wood where, on a channel of the Platte about twenty feet wide, he found Mr. Smith with a boy on each side of him down on the ice, shot to death with arrows. Little Willie was not quite dead – he at once wheeled his team about and with the agony in his heart of a father who knows that a dear boy has been cruelly murdered, who he sent sway that morning with a father’s kiss and blessing.
He drove home and gave the alarm. Swift riders went up and down the road and soon a little party went to the woods to find the Anderson boy. He had run for 100 yards up the channel of the Platte before being killed.
The party put the four bodies on the sleds and returned home, then pushed on after the Indians. But they poorly armed and but a few of them, and a light snow began to fall, covering the Indian trail, so they returned back.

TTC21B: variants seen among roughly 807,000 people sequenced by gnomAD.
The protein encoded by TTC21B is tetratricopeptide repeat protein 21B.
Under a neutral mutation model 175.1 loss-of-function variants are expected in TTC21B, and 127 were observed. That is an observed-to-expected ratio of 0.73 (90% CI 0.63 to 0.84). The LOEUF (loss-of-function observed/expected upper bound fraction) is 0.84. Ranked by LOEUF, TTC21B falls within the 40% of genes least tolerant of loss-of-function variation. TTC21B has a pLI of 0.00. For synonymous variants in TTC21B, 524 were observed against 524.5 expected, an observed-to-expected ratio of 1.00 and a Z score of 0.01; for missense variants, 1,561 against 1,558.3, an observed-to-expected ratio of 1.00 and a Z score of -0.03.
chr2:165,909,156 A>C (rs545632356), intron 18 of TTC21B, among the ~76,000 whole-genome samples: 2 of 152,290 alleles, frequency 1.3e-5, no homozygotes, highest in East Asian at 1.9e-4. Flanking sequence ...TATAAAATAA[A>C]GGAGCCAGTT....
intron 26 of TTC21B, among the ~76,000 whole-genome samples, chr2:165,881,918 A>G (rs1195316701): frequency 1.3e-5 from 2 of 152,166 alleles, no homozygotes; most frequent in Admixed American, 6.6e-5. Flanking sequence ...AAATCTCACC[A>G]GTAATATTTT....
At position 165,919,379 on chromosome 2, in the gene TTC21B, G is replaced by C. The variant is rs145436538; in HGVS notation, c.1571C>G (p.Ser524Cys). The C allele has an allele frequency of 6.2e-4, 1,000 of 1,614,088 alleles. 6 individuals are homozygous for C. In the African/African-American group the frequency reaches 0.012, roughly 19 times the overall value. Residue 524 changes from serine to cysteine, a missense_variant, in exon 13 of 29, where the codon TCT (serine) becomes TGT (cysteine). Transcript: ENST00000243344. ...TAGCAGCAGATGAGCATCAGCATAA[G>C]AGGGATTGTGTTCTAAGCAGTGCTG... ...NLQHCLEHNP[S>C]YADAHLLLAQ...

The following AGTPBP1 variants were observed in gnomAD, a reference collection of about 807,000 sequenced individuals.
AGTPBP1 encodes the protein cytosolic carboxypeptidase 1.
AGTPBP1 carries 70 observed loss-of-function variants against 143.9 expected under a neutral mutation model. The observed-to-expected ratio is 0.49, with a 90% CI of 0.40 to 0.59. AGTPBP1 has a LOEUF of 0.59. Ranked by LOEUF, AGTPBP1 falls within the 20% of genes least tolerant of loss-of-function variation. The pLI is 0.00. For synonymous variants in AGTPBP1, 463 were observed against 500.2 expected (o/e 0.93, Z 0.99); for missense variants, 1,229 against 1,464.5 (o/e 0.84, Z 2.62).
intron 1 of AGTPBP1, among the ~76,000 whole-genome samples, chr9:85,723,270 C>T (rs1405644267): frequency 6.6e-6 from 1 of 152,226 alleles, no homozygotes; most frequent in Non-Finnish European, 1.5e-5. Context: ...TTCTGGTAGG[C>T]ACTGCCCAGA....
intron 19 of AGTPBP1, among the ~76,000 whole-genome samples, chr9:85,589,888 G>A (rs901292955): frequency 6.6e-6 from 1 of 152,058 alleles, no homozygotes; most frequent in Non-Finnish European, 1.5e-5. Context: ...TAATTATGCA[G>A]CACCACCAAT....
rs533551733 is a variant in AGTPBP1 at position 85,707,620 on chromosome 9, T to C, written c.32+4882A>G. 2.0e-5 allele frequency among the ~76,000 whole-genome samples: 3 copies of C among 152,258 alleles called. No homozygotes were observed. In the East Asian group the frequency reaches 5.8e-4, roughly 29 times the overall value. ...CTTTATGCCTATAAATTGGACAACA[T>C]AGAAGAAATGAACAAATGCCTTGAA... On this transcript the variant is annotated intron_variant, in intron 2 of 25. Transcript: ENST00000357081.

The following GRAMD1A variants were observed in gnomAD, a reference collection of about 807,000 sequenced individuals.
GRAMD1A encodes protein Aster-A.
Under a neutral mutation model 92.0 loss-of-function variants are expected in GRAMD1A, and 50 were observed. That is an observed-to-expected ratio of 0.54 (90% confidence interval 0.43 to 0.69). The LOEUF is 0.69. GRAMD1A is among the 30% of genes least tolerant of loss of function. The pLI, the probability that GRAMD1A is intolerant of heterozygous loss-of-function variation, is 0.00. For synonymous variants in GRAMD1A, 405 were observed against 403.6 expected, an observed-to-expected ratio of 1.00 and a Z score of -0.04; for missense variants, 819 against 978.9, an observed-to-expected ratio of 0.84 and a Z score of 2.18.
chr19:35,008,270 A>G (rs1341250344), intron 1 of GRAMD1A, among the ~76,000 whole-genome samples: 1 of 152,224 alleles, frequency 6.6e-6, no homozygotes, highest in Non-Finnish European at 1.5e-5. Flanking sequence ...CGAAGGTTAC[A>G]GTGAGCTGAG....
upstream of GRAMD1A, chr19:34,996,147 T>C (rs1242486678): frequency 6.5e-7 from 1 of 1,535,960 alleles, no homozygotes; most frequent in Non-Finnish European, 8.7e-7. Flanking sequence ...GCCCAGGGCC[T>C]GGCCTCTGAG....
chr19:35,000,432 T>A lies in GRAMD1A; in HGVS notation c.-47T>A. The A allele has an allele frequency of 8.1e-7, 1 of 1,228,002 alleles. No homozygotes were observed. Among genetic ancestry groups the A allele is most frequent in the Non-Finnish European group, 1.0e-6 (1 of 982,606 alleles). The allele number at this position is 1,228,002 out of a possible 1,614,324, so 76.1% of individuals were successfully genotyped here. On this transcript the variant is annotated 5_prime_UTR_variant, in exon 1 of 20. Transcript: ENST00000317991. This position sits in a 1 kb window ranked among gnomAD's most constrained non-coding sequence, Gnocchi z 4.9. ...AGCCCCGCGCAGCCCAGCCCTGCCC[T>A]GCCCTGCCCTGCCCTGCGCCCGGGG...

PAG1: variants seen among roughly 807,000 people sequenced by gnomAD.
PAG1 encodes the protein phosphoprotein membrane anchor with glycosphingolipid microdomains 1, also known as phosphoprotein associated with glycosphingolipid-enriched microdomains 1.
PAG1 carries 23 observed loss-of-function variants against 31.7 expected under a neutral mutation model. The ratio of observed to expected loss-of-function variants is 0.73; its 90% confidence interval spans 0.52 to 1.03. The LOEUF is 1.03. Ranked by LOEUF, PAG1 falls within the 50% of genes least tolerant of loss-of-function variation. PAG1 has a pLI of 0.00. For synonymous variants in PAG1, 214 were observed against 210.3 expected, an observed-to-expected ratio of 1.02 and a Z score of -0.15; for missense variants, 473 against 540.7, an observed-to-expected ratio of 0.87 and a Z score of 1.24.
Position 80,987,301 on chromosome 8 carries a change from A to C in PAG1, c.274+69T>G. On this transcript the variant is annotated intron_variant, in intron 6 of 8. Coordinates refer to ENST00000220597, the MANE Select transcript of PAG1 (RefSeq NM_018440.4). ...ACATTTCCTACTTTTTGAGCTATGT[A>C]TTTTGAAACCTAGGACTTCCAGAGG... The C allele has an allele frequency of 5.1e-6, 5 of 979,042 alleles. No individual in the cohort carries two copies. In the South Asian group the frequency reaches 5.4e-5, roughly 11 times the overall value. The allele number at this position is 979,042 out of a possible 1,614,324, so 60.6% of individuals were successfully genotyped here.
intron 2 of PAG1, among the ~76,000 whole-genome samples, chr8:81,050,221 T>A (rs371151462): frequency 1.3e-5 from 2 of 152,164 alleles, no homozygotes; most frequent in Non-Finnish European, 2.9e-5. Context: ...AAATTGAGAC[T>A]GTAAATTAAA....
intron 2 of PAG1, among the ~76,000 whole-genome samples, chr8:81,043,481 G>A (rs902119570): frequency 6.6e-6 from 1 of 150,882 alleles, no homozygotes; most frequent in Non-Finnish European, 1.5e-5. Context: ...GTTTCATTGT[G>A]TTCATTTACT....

I saw the bodies of Mr. Smith and the three boys after they were prepared for burial. The sheet with which they were covered was drawn down to their waists disclosing their naked forms which were pierced time and again with arrows and spears. I shall never forget that sight; I certainly desire not to see such another.
Sadly we lowered the four coffins into one grave under an elm tree on the bank of Wood River. It was such sights as this that so greatly embittered the white people of that time against the Indians.
Very Strange Dream
I wish to relate two dreams, and will some of the wise men of the great universities about Lincoln give their interpretation.